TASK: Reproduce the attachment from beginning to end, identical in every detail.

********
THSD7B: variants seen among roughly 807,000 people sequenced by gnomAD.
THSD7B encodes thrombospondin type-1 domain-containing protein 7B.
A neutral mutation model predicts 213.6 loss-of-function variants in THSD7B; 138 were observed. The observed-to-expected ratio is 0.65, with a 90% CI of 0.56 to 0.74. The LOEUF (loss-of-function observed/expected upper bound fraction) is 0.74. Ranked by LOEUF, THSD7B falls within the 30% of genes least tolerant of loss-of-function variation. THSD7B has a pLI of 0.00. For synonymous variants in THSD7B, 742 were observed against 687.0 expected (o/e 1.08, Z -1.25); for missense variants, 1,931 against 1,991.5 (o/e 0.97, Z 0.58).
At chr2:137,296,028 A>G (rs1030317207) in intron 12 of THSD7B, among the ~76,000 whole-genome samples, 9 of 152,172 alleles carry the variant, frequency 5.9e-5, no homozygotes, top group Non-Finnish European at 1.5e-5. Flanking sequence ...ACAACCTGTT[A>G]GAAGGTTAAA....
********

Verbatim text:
THSD7B: variants seen among roughly 807,000 people sequenced by gnomAD.
THSD7B encodes thrombospondin type-1 domain-containing protein 7B.
A neutral mutation model predicts 213.6 loss-of-function variants in THSD7B; 138 were observed. The observed-to-expected ratio is 0.65, with a 90% CI of 0.56 to 0.74. The LOEUF (loss-of-function observed/expected upper bound fraction) is 0.74. Ranked by LOEUF, THSD7B falls within the 30% of genes least tolerant of loss-of-function variation. THSD7B has a pLI of 0.00. For synonymous variants in THSD7B, 742 were observed against 687.0 expected (o/e 1.08, Z -1.25); for missense variants, 1,931 against 1,991.5 (o/e 0.97, Z 0.58).
At chr2:137,296,028 A>G (rs1030317207) in intron 12 of THSD7B, among the ~76,000 whole-genome samples, 9 of 152,172 alleles carry the variant, frequency 5.9e-5, no homozygotes, top group Non-Finnish European at 1.5e-5. Flanking sequence ...ACAACCTGTT[A>G]GAAGGTTAAA....